Francis Bacon

1561 - 1626

A Quote by Sir Francis Bacon on enemies, revenge, and superiority

In taking revenge, a man is but even with his enemy; but in passing it over, he is superior.

Francis Bacon (1561 - 1626)

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A Quote by Sir Francis Bacon on good

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Riches are a good handmaid, but the worst mistress.

Francis Bacon (1561 - 1626)

Source: De Dignitate et Augmentis Scientiarium

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A Quote by Sir Francis Bacon

All rising to great place is by a winding stair.

Francis Bacon (1561 - 1626)

Source: Essays. Of Great Place

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A Quote by Sir Francis Bacon on men

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The rising unto place is laborious, and by pains men come to greater pains; and it is sometimes base, and by indignities men come to dignities. The standing is slippery, and the regress is either a downfall, or at least an eclipse.

Francis Bacon (1561 - 1626)

Source: Essays. Of Great Place

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A Quote by Sir Francis Bacon on glory, god, men, nature, perception, secrets, and simplicity

Generally he perceived in men of devout simplicity this opinion: that the secrets of nature were the secrets of God, part of that glory into which man is not to press too boldly.

Francis Bacon (1561 - 1626)

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A Quote by Sir Francis Bacon

Be so true to thyself as thou be not false to others.

Francis Bacon (1561 - 1626)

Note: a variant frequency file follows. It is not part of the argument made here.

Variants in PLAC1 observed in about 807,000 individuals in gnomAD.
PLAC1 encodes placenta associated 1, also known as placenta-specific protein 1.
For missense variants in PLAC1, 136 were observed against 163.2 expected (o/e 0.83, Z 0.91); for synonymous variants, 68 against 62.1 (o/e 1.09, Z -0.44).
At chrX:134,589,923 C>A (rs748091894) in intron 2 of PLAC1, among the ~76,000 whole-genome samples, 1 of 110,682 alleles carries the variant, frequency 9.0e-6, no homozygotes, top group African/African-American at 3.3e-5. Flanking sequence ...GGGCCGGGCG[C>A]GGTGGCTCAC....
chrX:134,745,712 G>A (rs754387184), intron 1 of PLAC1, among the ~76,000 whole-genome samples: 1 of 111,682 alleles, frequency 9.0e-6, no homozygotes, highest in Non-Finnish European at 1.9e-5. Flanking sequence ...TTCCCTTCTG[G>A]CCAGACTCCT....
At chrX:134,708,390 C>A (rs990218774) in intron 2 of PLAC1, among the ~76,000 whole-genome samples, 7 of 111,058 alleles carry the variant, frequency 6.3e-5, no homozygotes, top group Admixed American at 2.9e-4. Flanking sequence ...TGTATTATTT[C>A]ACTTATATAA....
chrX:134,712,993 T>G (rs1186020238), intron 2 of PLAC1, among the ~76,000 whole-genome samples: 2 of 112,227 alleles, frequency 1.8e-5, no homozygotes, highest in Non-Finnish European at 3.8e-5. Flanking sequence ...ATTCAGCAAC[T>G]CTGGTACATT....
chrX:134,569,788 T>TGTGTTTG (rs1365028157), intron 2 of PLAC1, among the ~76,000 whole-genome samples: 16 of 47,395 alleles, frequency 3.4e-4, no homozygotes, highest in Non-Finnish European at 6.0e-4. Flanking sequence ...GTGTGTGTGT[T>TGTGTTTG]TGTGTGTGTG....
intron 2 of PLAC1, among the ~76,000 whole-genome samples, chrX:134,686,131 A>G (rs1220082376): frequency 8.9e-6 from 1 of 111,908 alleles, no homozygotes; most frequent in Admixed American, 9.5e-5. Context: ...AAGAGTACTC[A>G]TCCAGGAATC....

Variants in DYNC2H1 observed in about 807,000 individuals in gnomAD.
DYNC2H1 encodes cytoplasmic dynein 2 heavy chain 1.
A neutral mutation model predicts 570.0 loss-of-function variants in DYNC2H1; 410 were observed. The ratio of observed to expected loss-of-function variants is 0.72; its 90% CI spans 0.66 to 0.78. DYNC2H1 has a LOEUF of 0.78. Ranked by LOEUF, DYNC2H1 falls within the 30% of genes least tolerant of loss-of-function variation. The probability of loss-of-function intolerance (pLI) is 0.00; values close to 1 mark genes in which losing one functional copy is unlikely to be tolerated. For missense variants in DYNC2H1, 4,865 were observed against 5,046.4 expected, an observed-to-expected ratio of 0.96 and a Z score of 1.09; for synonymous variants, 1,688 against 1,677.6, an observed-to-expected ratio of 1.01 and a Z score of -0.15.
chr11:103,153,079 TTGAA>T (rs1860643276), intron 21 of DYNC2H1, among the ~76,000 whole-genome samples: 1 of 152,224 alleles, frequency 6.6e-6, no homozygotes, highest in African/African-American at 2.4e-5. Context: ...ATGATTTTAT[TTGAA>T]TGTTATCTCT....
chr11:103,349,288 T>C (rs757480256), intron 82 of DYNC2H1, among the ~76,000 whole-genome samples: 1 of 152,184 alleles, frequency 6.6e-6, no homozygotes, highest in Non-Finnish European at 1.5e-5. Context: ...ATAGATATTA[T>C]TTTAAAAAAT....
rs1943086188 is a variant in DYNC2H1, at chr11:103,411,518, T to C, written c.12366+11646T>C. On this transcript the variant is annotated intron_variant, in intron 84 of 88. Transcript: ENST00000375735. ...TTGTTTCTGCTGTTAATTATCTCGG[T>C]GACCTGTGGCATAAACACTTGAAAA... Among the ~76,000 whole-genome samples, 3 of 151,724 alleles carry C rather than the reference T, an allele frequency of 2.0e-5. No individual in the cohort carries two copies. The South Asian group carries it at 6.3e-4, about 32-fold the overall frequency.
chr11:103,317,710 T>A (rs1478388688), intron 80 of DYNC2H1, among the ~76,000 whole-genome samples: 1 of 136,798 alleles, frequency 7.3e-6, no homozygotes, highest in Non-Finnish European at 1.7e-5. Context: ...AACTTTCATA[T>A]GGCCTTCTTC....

Source: Essays. Of Wisdom for a Man’s Self

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A Quote by Sir Francis Bacon on ancestry and worth

They who derive their worth from their ancestors resemble potatoes, the most valuable part of which is underground.

Francis Bacon (1561 - 1626)

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A Quote by Sir Francis Bacon on silence and virtue

Silence is the virtue of fools.

Francis Bacon (1561 - 1626)

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A Quote by Sir Francis Bacon on information, kindness, learning, meditation, philosophy, secrets, thought, truth, and water

For it is esteemed a kind of dishonour unto learning to descend to inquiry or meditation upon matters mechanical, except they be such as may be thought secrets, rarities, and special subtleties, which humour of vain supercilious arrogancy is justly derided in Plato. . . . But the truth is, they be not the highest instances that give the securest information; as may well be expressed in the tale . . . of the philosopher, that while he gazed upwards to the stars fell into the water; for if he had looked down he might have seen the stars in the water, but looking aloft he could not see the water in the stars. So it cometh often to pass, that mean and small things discover great, better than great can discover the small.

Francis Bacon (1561 - 1626)

Source: The Advancement of Learning, J.M. Dent and Son, London, England, 1973, pp 71-72.

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A Quote by Sir Francis Bacon on disease and remedies

The remedy is worse than the disease.

Francis Bacon (1561 - 1626)

Contributed by: Zaady

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